State of Play

Working Title

Mark Haddon

"The original had seemed so edgy and contemporary - State of Play was state of the art - but the movie version, while perfectly watchable, could have been made any time in the last 30 years, despite references to blogs."

Peter Bradshaw, The Guardian, Friday 24 April 2009



I didn't really read much of the back-story to State of Play, or watch any of the BBC drama version prior to watching this film. As such, I can't comment on or compare the characters on the big screen to those on the small (as is done in many reviews). However, I can review what on face-value was a passable Journo-drama with an appropriate amount of political controversy.

The violent shooting of a down-and-out at the beginning of the film kicks the action into gear, with the plot twisting and turning to prove that not all is what it seems (as is so often the case in these drama/thrillers). Russell Crowe plays Cal McAffrey, an investigative journalist at the Washington Globe with a history. He knows the statesman trying to defend the government against the interests of a private defence contractor, which leads his investigation into suspicious contracts and a $40billion deal which would involve those somewhat closer to home than the public are lead to believe.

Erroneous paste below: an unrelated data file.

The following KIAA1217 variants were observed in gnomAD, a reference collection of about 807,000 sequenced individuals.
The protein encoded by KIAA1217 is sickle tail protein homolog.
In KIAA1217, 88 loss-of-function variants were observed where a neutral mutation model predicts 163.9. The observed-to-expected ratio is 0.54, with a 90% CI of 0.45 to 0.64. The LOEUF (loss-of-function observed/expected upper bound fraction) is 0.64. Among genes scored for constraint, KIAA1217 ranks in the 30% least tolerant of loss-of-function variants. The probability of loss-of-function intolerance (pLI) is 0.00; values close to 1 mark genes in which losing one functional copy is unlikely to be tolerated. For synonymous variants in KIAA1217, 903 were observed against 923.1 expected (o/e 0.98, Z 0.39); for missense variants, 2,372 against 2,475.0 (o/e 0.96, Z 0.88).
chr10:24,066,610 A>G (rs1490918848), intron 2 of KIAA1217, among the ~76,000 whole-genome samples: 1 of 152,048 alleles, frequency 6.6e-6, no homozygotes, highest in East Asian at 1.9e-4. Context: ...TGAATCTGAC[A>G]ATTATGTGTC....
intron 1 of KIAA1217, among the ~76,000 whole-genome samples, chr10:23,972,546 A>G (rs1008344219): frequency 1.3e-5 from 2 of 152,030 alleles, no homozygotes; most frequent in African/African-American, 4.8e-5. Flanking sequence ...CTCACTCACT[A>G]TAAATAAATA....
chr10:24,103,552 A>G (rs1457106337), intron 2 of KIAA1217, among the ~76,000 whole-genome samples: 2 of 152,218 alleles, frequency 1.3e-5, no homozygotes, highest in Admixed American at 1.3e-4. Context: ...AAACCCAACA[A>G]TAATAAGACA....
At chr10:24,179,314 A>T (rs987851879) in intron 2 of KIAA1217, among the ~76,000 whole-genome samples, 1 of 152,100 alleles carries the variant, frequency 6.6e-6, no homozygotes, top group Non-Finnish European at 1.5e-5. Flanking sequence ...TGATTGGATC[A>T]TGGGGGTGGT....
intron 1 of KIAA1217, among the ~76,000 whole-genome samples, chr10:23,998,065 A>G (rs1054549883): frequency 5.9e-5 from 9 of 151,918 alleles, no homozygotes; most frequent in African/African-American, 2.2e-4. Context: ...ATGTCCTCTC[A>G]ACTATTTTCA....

McAffrey works with a young journalist who is diametrically opposed in her working methods compared to McAffrey - "cheap and produces copy by the hour" as wonderfully stated by Cameron Lynne (the editor of the paper, and McAffrey's boss, played by Helen Mirren) compared to "expensive and takes hours" (McAffrey). Bringing the film into the 21st Century, Della Frye, the young journalist played by Rachel McAdams, looks after the newspaper's 'blog'. Surprisingly, Frye seems to look down on McAffrey's 'break all the rules' approach to journalism, repeatingly asking whether their investigative activities are 'legal'. So much for the rule bending young generation of today; I imagine Frye is therefore representative of the more PC world of today.

There are some well constructed twists and turns during the film, and there is some edge-of-the-seat stuff in there. Russell Crowe, Helen Mirren and Rachel McAdams play their parts well too (not so convinced about Ben Affleck). However, more could have been made of the plot - we've seen this kind of film many times before. Such that it could almost have it's own genre - 'corporate-in-bed-with-the-government conspiracy'.



Reviewed on 05/05/2009 by Sam


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